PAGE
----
emerges from the cloaking sphere
undisturbed. Note we plot field lines
closer together near the sphere in orde
r
to emphasize the screening effect.
REPORTS
10 April 2006 VOL *** SCIENCE www.sciencemag.org 3
large sphere is required to follow a curved
and therefore longer trajectory than it would
have done in free space, and yet we are
requiring the ray to arrive on the far side of
the sphere with the same phase. This implies
a phase velocity greater that the velocity of
light in vacuum which violates no physical
law. However if we also require absence of
dispersion, the group and phase velocities
will be identical, and the group velocity can
never exceed the velocity of light. Hence in
this instance the cloaking parameters must
disperse with frequency, and therefore can
only be fully effective at a single frequency.
We mention in passing that the group
velocity may sometimes exceed the velocity
of light (
21
) but only in the presence of
strong dispersion. On the other hand if the
system is embedded in a medium having a
large refractive index, dispersion may in
principle be avoided and the cloaking operate
over a broad bandwidth.
In conclusion, we have shown how
electromagnetic fields can be dragged into
almost any desired configuration. The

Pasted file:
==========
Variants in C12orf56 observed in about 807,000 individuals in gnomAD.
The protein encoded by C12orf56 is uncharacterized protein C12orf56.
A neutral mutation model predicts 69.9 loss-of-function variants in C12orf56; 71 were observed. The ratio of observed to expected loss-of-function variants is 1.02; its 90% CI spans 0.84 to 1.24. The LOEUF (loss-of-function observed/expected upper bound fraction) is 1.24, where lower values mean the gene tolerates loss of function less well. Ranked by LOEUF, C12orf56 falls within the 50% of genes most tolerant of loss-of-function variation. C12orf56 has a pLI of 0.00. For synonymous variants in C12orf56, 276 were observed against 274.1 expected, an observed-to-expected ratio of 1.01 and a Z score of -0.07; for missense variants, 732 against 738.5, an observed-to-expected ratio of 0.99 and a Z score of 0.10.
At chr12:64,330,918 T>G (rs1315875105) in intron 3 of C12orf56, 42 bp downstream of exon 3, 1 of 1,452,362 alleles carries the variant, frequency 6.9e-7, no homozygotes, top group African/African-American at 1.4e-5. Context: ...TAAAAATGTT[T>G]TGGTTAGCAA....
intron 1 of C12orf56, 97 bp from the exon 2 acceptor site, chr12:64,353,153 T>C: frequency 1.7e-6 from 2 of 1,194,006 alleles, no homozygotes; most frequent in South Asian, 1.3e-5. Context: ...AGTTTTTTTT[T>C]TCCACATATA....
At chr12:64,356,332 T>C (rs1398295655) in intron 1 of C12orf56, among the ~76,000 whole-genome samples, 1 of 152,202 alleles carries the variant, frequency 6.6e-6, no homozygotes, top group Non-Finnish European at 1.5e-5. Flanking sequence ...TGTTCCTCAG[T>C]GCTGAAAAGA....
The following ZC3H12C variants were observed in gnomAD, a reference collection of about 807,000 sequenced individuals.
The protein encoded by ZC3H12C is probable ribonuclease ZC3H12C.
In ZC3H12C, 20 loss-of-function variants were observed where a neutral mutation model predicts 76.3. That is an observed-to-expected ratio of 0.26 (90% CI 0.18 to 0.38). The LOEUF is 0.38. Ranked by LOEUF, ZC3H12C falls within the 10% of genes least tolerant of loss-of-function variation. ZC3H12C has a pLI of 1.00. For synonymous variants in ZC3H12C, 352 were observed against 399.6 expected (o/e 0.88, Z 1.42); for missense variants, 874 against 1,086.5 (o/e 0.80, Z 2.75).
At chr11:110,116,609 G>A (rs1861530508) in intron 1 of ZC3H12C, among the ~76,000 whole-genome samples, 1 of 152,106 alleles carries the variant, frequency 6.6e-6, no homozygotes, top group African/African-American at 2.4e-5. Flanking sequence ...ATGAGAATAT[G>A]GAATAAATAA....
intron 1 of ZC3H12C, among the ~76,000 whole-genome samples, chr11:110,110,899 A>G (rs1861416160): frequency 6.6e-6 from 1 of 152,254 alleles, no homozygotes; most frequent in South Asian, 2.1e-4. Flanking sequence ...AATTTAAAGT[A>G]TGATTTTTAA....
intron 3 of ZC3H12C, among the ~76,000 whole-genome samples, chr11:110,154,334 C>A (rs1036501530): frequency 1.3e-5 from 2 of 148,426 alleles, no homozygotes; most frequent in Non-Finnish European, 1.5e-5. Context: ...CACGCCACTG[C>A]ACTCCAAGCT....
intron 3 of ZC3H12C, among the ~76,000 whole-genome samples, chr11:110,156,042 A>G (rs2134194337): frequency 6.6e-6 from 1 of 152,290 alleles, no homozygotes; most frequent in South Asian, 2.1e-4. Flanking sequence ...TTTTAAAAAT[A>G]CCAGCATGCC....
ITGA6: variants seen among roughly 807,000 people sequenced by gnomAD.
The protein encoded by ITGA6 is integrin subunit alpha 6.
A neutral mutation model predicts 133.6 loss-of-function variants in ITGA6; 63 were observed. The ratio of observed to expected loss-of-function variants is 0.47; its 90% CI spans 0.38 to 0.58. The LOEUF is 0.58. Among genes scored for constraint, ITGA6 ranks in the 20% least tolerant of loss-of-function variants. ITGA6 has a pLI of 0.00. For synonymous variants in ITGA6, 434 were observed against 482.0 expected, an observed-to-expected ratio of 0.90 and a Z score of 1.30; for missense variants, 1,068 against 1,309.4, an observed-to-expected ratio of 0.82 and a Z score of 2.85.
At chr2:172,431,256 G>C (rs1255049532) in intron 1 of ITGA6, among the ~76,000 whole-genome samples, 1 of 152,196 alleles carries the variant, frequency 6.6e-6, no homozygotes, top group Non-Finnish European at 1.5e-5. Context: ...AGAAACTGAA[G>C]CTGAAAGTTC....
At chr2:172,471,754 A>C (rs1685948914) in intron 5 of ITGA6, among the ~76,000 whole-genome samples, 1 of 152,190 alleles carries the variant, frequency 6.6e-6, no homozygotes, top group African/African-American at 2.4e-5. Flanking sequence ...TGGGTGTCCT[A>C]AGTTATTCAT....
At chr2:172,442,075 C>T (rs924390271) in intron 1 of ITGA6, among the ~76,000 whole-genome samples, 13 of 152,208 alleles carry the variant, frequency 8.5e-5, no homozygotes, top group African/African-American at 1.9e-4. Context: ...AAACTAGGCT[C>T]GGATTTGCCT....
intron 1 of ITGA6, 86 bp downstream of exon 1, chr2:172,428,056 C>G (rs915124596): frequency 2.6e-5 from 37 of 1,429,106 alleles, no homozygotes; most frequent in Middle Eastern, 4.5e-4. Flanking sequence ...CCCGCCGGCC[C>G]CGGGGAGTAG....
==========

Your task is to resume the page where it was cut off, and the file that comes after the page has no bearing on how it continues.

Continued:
distortion of the fields is represented as a
coordinate transformation, which is then
used to generate values of electrical
permittivity and magnetic permeability
ensuring that Maxwell’s equations are still
satisfied. The new concept of metamaterials
is invoked making realization of these
designs a practical possibility.
References and Notes
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(1968).
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292, 77 (2001).
6. A. A. Houck, J. B. Brock, I. L Chuang, Phys. Rev.
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14. A. J. Ward and J. B. Pendry, Journal of Modern
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(2005).
17. J.P. Berenger, Journal of Computational.
Physics, 114, 185, (1994).
18. D. R. Smith, J. J. Mock, A. F. Starr, D. Schurig,
Phys. Rev. E 71, 036617 (2005).
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S. NematNasser, D. Schurig, D. R. Smith, Appl.
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22. JBP thanks the EPSRC for a Senior Fellowship,
the EC under project FP6NMP4CT2003
505699, DoD/ONR MURI grant N00014011
0803, DoD/ONR grant N000140510861, and
the EC Information Societies Technology (IST)
programme Development and Analysis of Left
Handed Materials (DALHM), Project number:
IST200135511, for financial support. David
Schurig would like to acknowledge support from
the IC Postdoctoral Fellowship Program.